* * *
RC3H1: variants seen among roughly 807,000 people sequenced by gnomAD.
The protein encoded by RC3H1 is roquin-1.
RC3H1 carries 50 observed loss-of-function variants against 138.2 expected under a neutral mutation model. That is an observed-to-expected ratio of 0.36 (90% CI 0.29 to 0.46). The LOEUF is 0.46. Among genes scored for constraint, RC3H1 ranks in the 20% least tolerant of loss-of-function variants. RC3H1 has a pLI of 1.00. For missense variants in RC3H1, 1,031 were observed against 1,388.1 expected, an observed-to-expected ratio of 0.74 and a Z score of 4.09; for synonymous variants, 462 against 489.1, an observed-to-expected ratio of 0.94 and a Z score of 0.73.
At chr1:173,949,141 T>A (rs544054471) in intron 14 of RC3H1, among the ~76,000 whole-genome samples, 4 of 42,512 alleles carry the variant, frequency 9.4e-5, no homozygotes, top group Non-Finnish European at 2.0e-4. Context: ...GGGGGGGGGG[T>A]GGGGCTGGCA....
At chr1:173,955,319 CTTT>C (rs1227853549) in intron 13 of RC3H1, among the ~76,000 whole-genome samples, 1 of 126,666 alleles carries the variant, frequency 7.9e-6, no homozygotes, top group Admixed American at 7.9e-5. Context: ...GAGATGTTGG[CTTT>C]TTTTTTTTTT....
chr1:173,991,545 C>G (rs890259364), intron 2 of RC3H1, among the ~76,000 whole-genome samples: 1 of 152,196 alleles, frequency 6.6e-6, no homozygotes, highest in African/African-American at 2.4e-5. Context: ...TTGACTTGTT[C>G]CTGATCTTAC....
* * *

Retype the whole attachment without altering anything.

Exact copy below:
RC3H1: variants seen among roughly 807,000 people sequenced by gnomAD.
The protein encoded by RC3H1 is roquin-1.
RC3H1 carries 50 observed loss-of-function variants against 138.2 expected under a neutral mutation model. That is an observed-to-expected ratio of 0.36 (90% CI 0.29 to 0.46). The LOEUF is 0.46. Among genes scored for constraint, RC3H1 ranks in the 20% least tolerant of loss-of-function variants. RC3H1 has a pLI of 1.00. For missense variants in RC3H1, 1,031 were observed against 1,388.1 expected, an observed-to-expected ratio of 0.74 and a Z score of 4.09; for synonymous variants, 462 against 489.1, an observed-to-expected ratio of 0.94 and a Z score of 0.73.
At chr1:173,949,141 T>A (rs544054471) in intron 14 of RC3H1, among the ~76,000 whole-genome samples, 4 of 42,512 alleles carry the variant, frequency 9.4e-5, no homozygotes, top group Non-Finnish European at 2.0e-4. Context: ...GGGGGGGGGG[T>A]GGGGCTGGCA....
At chr1:173,955,319 CTTT>C (rs1227853549) in intron 13 of RC3H1, among the ~76,000 whole-genome samples, 1 of 126,666 alleles carries the variant, frequency 7.9e-6, no homozygotes, top group Admixed American at 7.9e-5. Context: ...GAGATGTTGG[CTTT>C]TTTTTTTTTT....
chr1:173,991,545 C>G (rs890259364), intron 2 of RC3H1, among the ~76,000 whole-genome samples: 1 of 152,196 alleles, frequency 6.6e-6, no homozygotes, highest in African/African-American at 2.4e-5. Context: ...TTGACTTGTT[C>G]CTGATCTTAC....